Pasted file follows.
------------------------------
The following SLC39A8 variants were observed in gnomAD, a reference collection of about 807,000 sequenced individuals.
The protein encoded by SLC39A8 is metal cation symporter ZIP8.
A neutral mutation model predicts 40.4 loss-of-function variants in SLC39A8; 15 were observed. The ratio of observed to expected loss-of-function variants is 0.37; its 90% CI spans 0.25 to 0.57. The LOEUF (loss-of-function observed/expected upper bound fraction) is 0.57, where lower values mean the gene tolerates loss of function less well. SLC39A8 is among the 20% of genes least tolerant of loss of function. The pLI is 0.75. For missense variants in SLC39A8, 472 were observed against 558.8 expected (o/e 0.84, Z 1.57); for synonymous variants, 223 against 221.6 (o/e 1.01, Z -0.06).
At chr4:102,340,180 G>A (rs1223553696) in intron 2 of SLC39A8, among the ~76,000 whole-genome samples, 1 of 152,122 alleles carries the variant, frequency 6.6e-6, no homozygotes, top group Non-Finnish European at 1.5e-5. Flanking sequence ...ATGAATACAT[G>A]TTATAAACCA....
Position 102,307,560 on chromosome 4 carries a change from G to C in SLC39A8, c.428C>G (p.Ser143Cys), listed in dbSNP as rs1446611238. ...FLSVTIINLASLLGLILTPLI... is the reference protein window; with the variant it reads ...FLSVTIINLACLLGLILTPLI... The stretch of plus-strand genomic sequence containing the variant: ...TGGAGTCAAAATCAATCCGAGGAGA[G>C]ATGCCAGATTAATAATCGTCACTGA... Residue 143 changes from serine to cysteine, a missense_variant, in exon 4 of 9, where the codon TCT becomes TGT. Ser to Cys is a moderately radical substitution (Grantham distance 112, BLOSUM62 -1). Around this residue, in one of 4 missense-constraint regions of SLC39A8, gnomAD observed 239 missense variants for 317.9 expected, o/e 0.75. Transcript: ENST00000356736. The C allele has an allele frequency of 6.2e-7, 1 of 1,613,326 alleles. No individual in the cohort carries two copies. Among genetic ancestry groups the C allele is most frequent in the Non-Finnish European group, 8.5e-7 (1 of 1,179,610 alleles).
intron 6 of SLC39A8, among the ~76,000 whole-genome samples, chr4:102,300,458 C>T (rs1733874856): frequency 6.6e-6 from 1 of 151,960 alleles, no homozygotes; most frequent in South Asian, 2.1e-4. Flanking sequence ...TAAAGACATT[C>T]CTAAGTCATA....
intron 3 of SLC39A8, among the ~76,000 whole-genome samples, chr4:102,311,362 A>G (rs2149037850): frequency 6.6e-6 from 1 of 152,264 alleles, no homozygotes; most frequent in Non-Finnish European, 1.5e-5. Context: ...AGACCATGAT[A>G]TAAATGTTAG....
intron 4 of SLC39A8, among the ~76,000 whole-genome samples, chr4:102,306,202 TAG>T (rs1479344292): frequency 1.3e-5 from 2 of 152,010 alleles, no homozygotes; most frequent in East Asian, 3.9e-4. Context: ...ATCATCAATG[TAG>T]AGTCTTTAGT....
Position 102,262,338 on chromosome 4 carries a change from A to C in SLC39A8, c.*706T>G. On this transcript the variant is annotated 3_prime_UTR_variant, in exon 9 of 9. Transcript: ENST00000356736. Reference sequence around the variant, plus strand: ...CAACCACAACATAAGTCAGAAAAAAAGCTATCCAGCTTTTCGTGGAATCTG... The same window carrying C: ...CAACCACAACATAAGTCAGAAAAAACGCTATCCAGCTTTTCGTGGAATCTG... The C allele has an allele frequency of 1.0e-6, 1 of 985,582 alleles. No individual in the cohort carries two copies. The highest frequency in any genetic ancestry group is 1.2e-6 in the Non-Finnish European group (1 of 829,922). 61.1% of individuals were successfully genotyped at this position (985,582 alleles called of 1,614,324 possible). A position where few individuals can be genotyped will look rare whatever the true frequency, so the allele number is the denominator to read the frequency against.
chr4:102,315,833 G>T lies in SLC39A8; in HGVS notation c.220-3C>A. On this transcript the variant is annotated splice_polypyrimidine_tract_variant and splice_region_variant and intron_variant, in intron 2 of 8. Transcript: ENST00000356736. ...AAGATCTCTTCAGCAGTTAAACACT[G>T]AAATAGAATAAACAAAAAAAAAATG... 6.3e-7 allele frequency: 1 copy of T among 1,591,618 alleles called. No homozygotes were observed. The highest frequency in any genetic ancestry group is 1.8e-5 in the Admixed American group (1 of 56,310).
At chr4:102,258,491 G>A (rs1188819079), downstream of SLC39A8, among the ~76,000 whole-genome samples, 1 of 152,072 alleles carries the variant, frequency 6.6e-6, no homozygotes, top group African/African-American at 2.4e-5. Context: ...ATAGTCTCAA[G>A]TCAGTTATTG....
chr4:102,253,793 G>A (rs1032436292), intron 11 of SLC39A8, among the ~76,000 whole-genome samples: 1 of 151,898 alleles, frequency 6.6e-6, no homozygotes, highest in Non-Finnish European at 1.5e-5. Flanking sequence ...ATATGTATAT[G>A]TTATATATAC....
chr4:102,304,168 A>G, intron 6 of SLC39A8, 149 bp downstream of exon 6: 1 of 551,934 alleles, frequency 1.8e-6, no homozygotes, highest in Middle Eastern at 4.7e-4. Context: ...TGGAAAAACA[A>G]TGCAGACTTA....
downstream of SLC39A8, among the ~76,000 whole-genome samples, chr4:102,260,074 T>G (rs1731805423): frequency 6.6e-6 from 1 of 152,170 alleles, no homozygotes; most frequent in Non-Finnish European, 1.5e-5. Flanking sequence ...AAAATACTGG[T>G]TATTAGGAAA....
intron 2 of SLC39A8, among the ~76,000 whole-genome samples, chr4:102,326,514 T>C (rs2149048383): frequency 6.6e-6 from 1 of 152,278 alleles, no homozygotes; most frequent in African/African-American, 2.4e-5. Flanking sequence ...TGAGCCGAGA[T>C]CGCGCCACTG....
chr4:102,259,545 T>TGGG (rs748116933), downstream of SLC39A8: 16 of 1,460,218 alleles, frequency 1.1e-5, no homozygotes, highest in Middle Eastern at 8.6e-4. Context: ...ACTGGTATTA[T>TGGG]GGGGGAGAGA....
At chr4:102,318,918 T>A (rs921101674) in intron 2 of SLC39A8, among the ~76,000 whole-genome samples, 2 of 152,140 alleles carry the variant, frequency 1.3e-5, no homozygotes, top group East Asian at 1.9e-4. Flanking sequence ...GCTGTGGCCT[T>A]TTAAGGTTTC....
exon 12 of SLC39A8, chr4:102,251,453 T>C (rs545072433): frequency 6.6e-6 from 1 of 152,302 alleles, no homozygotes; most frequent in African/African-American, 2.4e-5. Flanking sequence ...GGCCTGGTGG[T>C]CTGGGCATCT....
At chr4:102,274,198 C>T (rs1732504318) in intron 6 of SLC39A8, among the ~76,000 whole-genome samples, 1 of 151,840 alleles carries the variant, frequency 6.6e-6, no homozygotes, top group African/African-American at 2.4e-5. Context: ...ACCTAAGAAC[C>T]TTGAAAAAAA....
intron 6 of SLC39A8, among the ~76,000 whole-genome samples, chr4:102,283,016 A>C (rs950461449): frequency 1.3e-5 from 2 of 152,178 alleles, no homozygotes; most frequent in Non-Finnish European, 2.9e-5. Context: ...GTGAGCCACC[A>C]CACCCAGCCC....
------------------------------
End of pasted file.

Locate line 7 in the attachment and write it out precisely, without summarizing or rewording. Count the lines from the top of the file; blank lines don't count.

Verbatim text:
intron 3 of SLC39A8, among the ~76,000 whole-genome samples, chr4:102,311,362 A>G (rs2149037850): frequency 6.6e-6 from 1 of 152,264 alleles, no homozygotes; most frequent in Non-Finnish European, 1.5e-5. Context: ...AGACCATGAT[A>G]TAAATGTTAG....